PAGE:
Journal of Nanomaterials

Journal of Nanomaterials / 2011 / Article
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Nanotechnology for Tissue Engineering Applications

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Research Article | Open Access

Volume 2011 |Article ID 296953 | 9 pages |

Enhanced Photocatalytic Activity for Degradation of Methyl Orange over Silica-Titania

Academic Editor: Junping Wang
Received01 Nov 2010
Accepted02 Mar 2011
Published11 May 2011


Silica-modified titania (SMT) powders with different atomic ratios of silica to titanium (Rx) were successfully synthesized by a simple ultrasonic irradiation technique. The prepared samples were characterized by X-ray diffraction (XRD), FT-IR spectroscopy, transmission electron microscopy (TEM), X-ray photoelectron spectroscopy (XPS), and ultraviolet visible spectroscopy. The specific surface area was measured according to BET theory. Results indicate that the addition of silica to titania can suppress the crystalline size growth and the transformation of anatase phase to rutile phase of titania, enlarge specific surface area of the titania particles, and result in a blue shift of absorption edge compared to pure titania. The photocatalytic activity of the SMT samples was evaluated by decolorizing methyl orange aqueous solutions under UV-visible light irradiation. It was found in our study that this activity was affected by silica content, calcination temperature, H2SO4, and oxidants such as KIO4, (NH4)2S2O8 and H2O2. The results reveal that the photocatalytic activity of 0.1-SMT catalyst is the best among all samples calcined at 550C for 1 h and it is 1.56 times higher than that of Degussa P-25 titania, which is a widely used commercial TiO2 made by Germany Degussa company and has been most widely used in industry as photocatalyst, antiultraviolet product, and thermal stabilizer. The optimal calcination temperature for preparation was 550C. The photocatalytic activity of SMT samples is significantly enhanced by H2SO4 solution treatment and oxidants.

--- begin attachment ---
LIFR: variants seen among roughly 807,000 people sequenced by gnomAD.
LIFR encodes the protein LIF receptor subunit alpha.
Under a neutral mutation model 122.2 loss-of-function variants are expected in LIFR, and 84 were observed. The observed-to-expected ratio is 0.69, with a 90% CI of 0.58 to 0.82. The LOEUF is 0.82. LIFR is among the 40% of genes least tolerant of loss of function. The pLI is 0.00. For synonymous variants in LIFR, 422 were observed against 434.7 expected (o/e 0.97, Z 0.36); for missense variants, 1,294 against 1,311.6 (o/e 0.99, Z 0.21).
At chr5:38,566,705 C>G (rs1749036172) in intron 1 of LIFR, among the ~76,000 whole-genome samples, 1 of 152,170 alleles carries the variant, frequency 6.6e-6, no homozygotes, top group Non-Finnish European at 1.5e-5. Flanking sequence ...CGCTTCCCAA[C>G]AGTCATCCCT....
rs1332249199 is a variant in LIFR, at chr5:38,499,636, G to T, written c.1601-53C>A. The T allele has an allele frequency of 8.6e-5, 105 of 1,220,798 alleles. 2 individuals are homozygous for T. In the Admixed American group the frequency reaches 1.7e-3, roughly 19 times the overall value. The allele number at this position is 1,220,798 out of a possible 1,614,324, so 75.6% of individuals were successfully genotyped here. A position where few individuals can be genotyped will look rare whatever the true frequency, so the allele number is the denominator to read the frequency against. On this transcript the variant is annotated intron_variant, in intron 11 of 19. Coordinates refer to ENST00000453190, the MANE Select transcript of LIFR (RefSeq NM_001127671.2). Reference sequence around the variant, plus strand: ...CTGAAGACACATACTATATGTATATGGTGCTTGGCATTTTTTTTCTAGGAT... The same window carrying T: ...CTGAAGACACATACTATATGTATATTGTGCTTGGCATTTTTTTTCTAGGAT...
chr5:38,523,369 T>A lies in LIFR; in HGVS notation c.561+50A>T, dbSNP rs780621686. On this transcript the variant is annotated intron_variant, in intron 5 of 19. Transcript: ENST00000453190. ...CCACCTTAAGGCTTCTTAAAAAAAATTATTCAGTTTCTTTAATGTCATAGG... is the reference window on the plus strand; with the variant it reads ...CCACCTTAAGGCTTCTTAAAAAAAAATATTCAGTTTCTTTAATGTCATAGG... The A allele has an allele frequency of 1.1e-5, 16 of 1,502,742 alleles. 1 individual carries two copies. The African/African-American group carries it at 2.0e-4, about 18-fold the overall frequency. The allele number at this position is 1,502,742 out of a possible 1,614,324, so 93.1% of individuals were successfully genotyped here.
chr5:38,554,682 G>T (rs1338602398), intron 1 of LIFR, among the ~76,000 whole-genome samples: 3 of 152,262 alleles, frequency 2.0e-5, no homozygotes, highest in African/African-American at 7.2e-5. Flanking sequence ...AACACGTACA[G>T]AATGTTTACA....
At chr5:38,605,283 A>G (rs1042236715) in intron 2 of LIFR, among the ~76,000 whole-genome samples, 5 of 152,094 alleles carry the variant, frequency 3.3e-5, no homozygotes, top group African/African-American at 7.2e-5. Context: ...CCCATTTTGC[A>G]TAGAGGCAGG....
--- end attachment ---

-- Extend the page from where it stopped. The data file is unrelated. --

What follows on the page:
1. Introduction